Design patterns in JS

During my initial time frame as a Software Engineer, I did not put much heed and effort or the deserved respect for Javascript. But when you advance in the local software development arena, staying out of or being ignorant of Javascript is almost impossible. Although I didn’t have much respect for JS earlier, it didn’t take much time to develop a profound respect for this language in a short while. I do like Python as a programming language too, maybe I just love scripting languages. Anyway, I found that JS is a language that is very popular but is not being used the right way like 90%. For most of the developers JS is about a framework, and they don’t give a rats ass about the basic underlying mechanics and the intricacies of the language. I had the opportunity to play with a lot of JS frameworks and stuff, but it sort of felt like going on autopilot without knowing the mechanics of it all.

I must say the number of sources for learning Javascript are overwhelming. This is kind of the reason that it’s all a jumble. Most of the stuff talks about derivations or their own personal interpretations of the language. Now I do realize that some of those interpretations are accepted in the community as a standard because they just work and get the job done. People take them for granted. There’s nothing wrong with that. But isn’t it like believing in a religion. Someone says that this is what’s going on in the world and this is how we should face it, but don’t you really wanna know whats going on underneath. That’s a bit too harsh of a metaphor, but it just came to my mind. Anyway, That’s why whenever I’m reading an article on JS, I go deep to the source as far as it goes. This works because the article writers are nice enough to reference their sources. By this way I’ve found quite some interesting articles about the underlyings of JS. I will share with you those articles in the coming posts as best as I can. Be patient, grasshopper.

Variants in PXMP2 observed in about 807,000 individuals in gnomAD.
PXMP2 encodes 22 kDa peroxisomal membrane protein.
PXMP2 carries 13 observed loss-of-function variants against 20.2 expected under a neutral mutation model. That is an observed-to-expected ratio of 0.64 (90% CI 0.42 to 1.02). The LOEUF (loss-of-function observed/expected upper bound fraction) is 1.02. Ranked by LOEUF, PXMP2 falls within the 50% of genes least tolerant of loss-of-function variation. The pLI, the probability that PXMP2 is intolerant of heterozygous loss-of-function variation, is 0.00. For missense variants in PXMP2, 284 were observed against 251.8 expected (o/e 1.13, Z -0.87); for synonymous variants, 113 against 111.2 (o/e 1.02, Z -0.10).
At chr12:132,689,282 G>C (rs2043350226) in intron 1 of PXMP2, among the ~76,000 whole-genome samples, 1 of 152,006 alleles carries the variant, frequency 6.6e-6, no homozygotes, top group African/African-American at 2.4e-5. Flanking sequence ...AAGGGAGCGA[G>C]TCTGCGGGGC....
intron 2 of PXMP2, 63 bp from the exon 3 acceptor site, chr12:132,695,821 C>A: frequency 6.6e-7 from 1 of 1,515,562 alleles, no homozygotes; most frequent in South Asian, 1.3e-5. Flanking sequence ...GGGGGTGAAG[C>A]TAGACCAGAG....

We all learn about design patterns from our university times. And we get to use them in various implementations in our projects and if we are lucky enough, get to really apply them after school as well. There are many resources about design patterns, and many of them are described using programming languages like Java or C++.  When I stumbledupon a article describing the design patterns in a JS perspective, it immediately grabbed my attention.


This book is very thorough, just the way I like it. It doesn’t have the best and attractive use of language, but it does get the big point across. Although I have been aware of design patterns and had been using them in my work, I didn’t get the comfortable hang of it as much as I liked to. It would be really cool as a software developer to know about the design patterns and just come up with solutions using them instantly as the need requires, isn’t it? But that’s a perfect scenario. I have been reading this book for a while now, and realize now that it’s ideas needs to be shared. In the coming JS design pattern series of posts I will strive by the best of my ability to describe the patterns in it with my analysis.


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